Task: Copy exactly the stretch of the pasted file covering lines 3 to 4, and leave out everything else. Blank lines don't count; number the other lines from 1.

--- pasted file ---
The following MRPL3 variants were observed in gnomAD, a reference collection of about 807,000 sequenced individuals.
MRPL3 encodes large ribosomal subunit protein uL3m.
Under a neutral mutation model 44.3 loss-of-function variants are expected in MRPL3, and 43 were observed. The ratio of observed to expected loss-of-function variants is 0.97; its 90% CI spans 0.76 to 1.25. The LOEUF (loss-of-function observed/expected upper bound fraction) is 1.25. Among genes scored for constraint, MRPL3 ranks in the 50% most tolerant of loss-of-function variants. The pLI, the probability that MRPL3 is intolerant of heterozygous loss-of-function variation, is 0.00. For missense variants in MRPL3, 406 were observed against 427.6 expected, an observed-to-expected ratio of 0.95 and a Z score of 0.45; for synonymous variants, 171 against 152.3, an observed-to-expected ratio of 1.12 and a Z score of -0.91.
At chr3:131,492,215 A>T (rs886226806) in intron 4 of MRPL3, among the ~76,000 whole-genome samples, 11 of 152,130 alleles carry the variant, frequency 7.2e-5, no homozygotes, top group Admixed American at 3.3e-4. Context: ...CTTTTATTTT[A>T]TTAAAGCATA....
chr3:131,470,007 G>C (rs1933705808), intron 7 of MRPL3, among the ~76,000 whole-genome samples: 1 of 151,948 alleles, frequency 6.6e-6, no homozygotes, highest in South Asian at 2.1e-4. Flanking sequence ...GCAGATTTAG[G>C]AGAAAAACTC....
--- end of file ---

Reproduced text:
Under a neutral mutation model 44.3 loss-of-function variants are expected in MRPL3, and 43 were observed. The ratio of observed to expected loss-of-function variants is 0.97; its 90% CI spans 0.76 to 1.25. The LOEUF (loss-of-function observed/expected upper bound fraction) is 1.25. Among genes scored for constraint, MRPL3 ranks in the 50% most tolerant of loss-of-function variants. The pLI, the probability that MRPL3 is intolerant of heterozygous loss-of-function variation, is 0.00. For missense variants in MRPL3, 406 were observed against 427.6 expected, an observed-to-expected ratio of 0.95 and a Z score of 0.45; for synonymous variants, 171 against 152.3, an observed-to-expected ratio of 1.12 and a Z score of -0.91.
At chr3:131,492,215 A>T (rs886226806) in intron 4 of MRPL3, among the ~76,000 whole-genome samples, 11 of 152,130 alleles carry the variant, frequency 7.2e-5, no homozygotes, top group Admixed American at 3.3e-4. Context: ...CTTTTATTTT[A>T]TTAAAGCATA....